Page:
I hope you get a chance to join the first Cal Poly Authors event of this year: it starts at 10 am!
The President’s Leadership Council (PLC) is an expanded body this year: it fills UU220 now (it used to fit in a conference room). This week I attended the first PLC meeting of the year. It included an overview of the latest campus master plan, with more detail about the “core” than we’ve seen before, including concepts for moving people around the perimeter of the core using transit loops, and the potential for a residential ‘village’ along Brizzolara (aka Brizziolari) Creek – with Trader Joe’s-scale food shopping for the up to 16,000 students envisioned as residents on campus by 2035. The core has a strong emphasis on blended formal and informal learning, and cross-college interactions.
Conny and her team have been putting the final touches on this year’s Kennedy Library Annual Publication before it goes to press. I am pretty excited about how it’s coming together. When you get your copy you’ll see a lot about the library’s student assistants and the work they do that has lasting impact on other students. SLAC is another source of ideas and long-term impact. We are really lucky to have an amazing library advisory board (formerly “LITAC”) , and I’m excited that they’ll get to see the library in full gear, visit our iDi showcase, and talk with members of the Cal Poly community about how libraries are transforming (thanks to Cheryl for this link).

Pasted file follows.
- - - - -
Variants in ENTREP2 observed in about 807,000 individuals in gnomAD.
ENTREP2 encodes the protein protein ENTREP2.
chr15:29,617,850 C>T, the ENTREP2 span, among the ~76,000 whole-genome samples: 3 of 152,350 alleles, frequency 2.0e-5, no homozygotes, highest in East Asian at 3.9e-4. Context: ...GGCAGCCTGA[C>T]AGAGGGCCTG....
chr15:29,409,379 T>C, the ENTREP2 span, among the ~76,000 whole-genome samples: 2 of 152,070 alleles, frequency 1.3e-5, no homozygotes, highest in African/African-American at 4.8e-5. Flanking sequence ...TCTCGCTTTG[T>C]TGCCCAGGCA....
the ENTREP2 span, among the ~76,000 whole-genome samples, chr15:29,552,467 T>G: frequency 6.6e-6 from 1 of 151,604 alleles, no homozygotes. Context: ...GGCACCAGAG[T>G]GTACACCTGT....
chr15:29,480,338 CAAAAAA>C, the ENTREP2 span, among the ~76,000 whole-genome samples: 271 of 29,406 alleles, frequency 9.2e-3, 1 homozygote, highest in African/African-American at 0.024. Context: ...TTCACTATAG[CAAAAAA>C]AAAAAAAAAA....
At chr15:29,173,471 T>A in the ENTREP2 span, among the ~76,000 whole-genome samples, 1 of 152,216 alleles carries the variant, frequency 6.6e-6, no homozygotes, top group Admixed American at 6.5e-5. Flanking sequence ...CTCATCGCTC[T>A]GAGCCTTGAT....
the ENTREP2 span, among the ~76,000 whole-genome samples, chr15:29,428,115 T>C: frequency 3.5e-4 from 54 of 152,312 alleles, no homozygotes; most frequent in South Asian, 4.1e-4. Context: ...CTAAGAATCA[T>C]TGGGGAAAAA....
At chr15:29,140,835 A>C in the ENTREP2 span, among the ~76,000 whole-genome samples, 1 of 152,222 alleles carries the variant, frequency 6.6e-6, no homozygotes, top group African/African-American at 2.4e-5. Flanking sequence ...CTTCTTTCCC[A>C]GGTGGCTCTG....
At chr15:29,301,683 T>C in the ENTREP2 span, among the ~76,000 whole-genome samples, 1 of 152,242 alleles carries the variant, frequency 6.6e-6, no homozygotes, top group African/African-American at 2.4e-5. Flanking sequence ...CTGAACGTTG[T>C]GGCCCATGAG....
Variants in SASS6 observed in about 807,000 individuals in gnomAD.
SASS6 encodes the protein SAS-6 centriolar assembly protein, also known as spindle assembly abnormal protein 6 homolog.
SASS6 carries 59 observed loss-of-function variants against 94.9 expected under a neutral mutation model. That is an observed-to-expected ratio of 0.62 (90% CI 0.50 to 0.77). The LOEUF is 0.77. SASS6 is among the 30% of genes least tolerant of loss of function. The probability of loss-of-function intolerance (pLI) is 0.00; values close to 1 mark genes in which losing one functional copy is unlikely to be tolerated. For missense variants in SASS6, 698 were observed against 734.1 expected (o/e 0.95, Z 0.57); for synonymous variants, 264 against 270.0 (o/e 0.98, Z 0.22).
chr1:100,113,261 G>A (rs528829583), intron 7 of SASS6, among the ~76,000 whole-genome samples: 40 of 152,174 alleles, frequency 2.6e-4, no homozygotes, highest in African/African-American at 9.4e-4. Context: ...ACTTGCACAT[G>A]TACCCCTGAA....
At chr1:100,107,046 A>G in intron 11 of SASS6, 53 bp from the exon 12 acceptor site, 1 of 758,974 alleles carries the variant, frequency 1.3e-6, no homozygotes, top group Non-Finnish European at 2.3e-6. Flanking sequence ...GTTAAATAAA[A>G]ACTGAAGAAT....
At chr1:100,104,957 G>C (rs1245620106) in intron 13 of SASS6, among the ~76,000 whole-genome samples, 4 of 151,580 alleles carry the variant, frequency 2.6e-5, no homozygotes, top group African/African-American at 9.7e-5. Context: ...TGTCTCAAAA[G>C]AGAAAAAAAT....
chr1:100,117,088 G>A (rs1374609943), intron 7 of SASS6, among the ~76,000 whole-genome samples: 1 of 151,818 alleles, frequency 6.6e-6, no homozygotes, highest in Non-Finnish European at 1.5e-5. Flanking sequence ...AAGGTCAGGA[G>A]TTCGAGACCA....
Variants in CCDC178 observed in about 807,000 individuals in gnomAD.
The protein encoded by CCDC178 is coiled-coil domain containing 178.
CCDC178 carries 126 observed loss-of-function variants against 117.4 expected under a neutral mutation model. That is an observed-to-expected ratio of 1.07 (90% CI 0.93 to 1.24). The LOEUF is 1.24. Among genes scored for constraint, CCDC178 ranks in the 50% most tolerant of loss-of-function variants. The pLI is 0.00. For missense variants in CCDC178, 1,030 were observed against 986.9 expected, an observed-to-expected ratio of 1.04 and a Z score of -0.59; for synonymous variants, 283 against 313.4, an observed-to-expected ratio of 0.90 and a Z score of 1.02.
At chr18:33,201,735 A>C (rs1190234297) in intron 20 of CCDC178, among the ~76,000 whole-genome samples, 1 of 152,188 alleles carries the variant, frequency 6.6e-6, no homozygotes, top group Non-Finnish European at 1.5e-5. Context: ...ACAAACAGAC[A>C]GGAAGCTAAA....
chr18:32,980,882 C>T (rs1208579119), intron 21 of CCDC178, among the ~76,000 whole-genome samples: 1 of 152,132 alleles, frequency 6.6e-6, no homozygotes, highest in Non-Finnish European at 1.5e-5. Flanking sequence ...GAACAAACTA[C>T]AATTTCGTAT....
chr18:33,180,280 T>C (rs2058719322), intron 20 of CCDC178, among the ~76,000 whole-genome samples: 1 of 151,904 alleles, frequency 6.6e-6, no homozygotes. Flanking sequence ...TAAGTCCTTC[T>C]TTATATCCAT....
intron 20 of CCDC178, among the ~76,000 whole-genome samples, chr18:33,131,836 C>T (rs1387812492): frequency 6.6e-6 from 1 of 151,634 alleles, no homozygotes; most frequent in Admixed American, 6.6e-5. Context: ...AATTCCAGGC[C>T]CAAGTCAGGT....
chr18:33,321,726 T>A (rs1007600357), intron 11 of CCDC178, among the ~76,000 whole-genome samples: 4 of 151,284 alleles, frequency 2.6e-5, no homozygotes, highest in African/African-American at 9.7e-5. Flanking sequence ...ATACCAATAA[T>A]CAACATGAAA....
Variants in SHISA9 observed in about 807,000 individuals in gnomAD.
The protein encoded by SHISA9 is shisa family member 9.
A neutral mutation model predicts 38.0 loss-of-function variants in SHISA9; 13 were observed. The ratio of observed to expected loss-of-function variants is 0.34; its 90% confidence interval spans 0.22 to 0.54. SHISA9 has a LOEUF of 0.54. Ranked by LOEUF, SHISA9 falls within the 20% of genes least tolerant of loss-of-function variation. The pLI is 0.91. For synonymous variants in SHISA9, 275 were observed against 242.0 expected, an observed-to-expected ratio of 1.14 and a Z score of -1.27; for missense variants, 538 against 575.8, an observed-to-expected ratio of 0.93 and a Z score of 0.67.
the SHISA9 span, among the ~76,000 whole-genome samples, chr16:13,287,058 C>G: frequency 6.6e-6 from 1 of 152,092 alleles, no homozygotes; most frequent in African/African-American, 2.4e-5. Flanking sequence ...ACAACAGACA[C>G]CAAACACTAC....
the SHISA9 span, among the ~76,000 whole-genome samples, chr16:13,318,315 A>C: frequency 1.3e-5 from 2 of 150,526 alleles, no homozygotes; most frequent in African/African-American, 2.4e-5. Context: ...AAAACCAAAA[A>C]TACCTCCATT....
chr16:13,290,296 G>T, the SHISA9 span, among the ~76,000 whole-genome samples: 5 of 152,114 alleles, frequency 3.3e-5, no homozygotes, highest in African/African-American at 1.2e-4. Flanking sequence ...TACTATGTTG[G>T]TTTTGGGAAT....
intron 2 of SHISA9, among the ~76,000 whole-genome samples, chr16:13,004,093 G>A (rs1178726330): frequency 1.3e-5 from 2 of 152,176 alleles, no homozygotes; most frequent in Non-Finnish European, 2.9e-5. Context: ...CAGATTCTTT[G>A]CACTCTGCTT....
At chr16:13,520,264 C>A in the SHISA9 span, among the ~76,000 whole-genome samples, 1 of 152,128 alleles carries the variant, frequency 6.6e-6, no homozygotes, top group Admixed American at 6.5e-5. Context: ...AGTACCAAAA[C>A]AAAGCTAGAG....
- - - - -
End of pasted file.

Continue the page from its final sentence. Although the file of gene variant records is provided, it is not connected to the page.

I’ve been reading about something called “Conway’s Law.” It states that, “organizations which design systems … are constrained to produce designs which are copies of the communication structures of these organizations,” and that “the interface structure of a software system will reflect the social structure of the organization(s) that produced it.” [ref] This means that “tightly coupled” organizations will produce more tightly coupled (less modular) software designs. Break a team into three subgroups and they’re likely to produce a three-part system. Open source projects tend to produce highly modular software. With less code. What is the implication? One may be that “We should model our teams and our communication structures after the architecture we want.” An interesting book looks at patterns of organization and software development. I’m looking at our website now: what does it says about how we are organized? And how will Conway’s Law apply to the ULMS?
Have a great weekend,